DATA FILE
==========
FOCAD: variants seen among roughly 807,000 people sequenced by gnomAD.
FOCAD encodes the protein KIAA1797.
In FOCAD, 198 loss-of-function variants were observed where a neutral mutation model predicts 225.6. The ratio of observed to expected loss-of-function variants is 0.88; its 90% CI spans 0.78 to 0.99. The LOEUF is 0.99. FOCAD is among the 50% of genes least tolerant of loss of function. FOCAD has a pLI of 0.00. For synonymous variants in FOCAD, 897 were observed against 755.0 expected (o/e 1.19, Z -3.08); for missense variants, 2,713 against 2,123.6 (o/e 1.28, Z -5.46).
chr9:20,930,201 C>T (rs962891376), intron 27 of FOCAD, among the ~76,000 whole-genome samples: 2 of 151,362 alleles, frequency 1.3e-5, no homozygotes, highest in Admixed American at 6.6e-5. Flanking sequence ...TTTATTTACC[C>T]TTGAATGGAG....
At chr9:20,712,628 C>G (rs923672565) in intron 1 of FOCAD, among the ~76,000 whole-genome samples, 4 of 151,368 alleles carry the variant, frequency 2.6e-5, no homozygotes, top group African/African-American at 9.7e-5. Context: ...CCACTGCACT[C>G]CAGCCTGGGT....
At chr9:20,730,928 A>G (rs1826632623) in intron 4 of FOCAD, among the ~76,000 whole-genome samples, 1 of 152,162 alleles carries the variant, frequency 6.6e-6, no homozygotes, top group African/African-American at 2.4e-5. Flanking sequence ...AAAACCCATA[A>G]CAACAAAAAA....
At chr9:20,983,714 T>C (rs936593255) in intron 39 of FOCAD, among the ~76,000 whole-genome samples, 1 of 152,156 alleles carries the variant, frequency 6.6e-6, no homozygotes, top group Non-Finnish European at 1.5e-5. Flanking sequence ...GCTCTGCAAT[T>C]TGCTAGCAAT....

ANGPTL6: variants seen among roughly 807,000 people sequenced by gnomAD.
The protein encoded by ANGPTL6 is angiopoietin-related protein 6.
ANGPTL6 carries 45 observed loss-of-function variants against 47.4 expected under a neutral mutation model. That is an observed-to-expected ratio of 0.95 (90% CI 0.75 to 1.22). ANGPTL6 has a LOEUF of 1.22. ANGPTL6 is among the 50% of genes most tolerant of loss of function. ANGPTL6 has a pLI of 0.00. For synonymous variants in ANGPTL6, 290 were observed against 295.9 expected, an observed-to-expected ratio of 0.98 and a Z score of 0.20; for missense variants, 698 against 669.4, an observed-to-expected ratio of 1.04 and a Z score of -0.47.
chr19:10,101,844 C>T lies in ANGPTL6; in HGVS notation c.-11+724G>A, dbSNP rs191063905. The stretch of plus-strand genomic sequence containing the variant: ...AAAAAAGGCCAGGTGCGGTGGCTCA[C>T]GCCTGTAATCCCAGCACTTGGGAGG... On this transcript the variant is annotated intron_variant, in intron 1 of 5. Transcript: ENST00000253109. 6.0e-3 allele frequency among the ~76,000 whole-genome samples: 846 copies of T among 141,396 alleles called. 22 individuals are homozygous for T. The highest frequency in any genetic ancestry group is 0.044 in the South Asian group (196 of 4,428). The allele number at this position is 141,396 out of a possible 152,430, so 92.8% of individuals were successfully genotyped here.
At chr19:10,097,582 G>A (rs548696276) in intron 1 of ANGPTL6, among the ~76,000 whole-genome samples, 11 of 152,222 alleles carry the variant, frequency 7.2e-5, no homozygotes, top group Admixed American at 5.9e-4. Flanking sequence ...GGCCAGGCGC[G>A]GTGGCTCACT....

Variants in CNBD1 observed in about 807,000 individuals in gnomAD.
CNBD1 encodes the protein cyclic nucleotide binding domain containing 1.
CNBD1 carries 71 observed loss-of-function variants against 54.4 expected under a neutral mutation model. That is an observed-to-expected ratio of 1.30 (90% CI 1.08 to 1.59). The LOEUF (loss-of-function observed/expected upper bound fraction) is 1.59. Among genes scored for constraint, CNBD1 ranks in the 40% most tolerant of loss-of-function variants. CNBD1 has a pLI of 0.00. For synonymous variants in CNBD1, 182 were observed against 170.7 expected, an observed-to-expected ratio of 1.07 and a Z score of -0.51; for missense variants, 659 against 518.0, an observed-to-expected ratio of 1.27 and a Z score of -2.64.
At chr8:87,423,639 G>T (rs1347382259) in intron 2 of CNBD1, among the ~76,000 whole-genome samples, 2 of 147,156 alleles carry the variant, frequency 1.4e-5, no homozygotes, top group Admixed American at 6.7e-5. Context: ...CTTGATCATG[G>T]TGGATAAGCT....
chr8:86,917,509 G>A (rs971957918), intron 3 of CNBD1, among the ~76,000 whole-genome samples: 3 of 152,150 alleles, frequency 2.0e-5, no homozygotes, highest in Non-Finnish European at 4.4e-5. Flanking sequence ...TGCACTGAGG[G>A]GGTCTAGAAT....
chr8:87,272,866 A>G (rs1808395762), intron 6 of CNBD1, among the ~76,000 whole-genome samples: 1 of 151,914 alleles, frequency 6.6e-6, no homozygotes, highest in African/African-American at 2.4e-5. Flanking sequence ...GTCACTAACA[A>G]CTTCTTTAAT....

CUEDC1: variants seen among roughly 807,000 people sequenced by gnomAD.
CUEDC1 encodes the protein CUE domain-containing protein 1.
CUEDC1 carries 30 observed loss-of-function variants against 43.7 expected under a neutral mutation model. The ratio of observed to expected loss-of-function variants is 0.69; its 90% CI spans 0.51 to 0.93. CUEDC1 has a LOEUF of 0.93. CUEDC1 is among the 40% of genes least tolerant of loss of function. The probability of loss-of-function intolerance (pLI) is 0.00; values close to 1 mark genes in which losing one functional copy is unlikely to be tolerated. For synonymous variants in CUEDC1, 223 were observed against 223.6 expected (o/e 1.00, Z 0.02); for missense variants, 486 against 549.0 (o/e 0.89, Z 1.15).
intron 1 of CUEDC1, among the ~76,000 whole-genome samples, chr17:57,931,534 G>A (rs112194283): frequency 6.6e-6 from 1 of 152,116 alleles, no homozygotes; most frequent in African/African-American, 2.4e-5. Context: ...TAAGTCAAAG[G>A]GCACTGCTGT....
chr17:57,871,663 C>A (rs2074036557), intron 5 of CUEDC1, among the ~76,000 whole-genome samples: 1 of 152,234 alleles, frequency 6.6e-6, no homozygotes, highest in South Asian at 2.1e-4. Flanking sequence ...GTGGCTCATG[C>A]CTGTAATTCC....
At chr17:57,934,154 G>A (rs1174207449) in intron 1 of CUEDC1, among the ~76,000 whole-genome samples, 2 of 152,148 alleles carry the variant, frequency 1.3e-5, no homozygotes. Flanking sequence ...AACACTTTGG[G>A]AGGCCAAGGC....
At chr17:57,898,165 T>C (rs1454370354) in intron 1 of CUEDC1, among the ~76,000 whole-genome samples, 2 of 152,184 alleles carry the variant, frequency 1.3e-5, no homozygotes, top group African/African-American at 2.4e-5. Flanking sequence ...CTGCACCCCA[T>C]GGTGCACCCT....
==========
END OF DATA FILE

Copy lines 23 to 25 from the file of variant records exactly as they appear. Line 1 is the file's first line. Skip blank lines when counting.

chr17:57,871,663 C>A (rs2074036557), intron 5 of CUEDC1, among the ~76,000 whole-genome samples: 1 of 152,234 alleles, frequency 6.6e-6, no homozygotes, highest in South Asian at 2.1e-4. Flanking sequence ...GTGGCTCATG[C>A]CTGTAATTCC....
At chr17:57,934,154 G>A (rs1174207449) in intron 1 of CUEDC1, among the ~76,000 whole-genome samples, 2 of 152,148 alleles carry the variant, frequency 1.3e-5, no homozygotes. Flanking sequence ...AACACTTTGG[G>A]AGGCCAAGGC....
At chr17:57,898,165 T>C (rs1454370354) in intron 1 of CUEDC1, among the ~76,000 whole-genome samples, 2 of 152,184 alleles carry the variant, frequency 1.3e-5, no homozygotes, top group African/African-American at 2.4e-5. Flanking sequence ...CTGCACCCCA[T>C]GGTGCACCCT....